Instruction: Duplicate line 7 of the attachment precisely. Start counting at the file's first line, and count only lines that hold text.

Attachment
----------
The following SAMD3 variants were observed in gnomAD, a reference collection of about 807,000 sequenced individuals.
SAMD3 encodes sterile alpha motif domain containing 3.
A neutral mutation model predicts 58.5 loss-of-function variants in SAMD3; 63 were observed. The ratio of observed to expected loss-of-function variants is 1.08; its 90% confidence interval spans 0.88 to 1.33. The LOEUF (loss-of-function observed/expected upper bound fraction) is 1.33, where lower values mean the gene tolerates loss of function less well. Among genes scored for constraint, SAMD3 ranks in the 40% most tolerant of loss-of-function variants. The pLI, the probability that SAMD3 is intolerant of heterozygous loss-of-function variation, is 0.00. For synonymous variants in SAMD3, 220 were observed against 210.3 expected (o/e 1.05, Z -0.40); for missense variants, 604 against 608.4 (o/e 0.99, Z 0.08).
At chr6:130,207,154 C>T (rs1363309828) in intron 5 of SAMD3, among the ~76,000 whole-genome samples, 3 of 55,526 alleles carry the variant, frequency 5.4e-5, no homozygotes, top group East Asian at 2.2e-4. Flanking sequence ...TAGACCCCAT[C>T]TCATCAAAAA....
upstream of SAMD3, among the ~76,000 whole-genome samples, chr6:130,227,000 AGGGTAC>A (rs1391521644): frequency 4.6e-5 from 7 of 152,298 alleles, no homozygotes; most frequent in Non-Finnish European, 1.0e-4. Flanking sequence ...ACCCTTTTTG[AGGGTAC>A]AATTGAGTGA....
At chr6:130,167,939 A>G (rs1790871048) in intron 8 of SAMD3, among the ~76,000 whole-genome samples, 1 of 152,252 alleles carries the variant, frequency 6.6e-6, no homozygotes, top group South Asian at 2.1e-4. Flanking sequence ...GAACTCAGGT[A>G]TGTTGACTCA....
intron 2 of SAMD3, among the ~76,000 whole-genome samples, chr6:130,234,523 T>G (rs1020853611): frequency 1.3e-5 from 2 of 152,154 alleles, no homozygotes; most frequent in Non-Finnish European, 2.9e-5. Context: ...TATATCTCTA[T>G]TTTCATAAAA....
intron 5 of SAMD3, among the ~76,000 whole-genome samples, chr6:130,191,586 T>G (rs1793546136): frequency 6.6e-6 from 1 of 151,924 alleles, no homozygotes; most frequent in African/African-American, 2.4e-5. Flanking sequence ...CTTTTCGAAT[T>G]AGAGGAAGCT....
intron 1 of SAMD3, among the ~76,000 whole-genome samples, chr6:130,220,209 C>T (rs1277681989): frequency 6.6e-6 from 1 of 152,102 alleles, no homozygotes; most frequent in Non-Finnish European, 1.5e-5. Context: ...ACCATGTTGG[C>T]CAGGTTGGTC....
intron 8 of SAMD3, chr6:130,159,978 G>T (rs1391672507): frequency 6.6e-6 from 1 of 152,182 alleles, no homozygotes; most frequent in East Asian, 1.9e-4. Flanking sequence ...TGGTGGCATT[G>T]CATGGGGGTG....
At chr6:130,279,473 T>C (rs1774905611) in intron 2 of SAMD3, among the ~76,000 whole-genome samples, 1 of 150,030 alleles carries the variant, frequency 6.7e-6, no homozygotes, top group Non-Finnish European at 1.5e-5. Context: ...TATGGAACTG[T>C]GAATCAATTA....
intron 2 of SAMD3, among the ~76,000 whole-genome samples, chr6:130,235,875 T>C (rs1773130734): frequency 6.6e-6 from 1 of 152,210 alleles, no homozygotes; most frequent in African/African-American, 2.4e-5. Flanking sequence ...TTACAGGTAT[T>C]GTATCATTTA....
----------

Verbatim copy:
intron 2 of SAMD3, among the ~76,000 whole-genome samples, chr6:130,234,523 T>G (rs1020853611): frequency 1.3e-5 from 2 of 152,154 alleles, no homozygotes; most frequent in Non-Finnish European, 2.9e-5. Context: ...TATATCTCTA[T>G]TTTCATAAAA....